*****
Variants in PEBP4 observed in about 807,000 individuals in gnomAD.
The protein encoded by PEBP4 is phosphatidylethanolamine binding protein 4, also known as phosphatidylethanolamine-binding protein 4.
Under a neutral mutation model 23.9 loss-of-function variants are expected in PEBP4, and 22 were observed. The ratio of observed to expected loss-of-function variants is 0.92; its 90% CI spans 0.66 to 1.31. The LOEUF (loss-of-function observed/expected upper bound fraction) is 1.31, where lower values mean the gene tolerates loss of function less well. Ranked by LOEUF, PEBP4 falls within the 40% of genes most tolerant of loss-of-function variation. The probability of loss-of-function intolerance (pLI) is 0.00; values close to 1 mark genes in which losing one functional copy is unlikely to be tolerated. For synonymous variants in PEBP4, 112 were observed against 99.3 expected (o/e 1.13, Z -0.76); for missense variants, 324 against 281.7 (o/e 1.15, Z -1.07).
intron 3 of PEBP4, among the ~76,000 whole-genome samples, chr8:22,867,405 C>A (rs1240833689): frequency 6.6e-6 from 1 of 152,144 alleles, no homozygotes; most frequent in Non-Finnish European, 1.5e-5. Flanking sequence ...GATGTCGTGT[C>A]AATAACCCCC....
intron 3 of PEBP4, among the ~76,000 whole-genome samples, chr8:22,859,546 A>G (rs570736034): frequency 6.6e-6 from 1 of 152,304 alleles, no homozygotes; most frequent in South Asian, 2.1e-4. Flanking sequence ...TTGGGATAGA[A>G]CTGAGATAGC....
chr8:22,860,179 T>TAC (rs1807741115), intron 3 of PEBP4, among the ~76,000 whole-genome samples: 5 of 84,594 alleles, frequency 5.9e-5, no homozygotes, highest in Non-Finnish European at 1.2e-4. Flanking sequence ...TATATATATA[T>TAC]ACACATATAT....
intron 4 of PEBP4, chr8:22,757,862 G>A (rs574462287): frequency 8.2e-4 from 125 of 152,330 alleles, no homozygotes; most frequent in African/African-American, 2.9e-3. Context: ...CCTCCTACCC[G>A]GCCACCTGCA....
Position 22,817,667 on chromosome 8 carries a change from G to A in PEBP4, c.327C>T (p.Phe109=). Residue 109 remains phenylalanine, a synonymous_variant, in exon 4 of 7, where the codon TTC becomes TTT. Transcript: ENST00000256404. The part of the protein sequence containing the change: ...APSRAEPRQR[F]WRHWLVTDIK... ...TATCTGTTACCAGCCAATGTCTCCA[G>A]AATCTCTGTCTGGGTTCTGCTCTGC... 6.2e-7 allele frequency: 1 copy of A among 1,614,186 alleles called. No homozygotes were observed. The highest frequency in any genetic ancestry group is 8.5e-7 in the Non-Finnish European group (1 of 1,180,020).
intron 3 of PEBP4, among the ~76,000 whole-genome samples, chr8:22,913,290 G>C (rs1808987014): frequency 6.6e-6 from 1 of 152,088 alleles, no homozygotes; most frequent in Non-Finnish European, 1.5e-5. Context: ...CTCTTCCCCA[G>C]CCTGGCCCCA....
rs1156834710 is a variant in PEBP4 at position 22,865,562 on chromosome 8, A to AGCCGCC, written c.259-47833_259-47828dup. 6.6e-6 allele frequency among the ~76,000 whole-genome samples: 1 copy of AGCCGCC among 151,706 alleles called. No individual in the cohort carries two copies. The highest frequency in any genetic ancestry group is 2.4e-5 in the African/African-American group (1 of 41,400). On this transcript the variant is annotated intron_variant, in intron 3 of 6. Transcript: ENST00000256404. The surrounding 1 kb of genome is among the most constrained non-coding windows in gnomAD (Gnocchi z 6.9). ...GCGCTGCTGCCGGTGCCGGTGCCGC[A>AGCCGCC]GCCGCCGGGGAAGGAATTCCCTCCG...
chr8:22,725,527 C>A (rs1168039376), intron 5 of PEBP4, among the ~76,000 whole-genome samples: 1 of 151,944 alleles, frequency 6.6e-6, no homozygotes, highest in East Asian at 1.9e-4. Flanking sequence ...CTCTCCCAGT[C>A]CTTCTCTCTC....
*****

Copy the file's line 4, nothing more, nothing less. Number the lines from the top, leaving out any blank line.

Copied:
intron 3 of PEBP4, among the ~76,000 whole-genome samples, chr8:22,867,405 C>A (rs1240833689): frequency 6.6e-6 from 1 of 152,144 alleles, no homozygotes; most frequent in Non-Finnish European, 1.5e-5. Flanking sequence ...GATGTCGTGT[C>A]AATAACCCCC....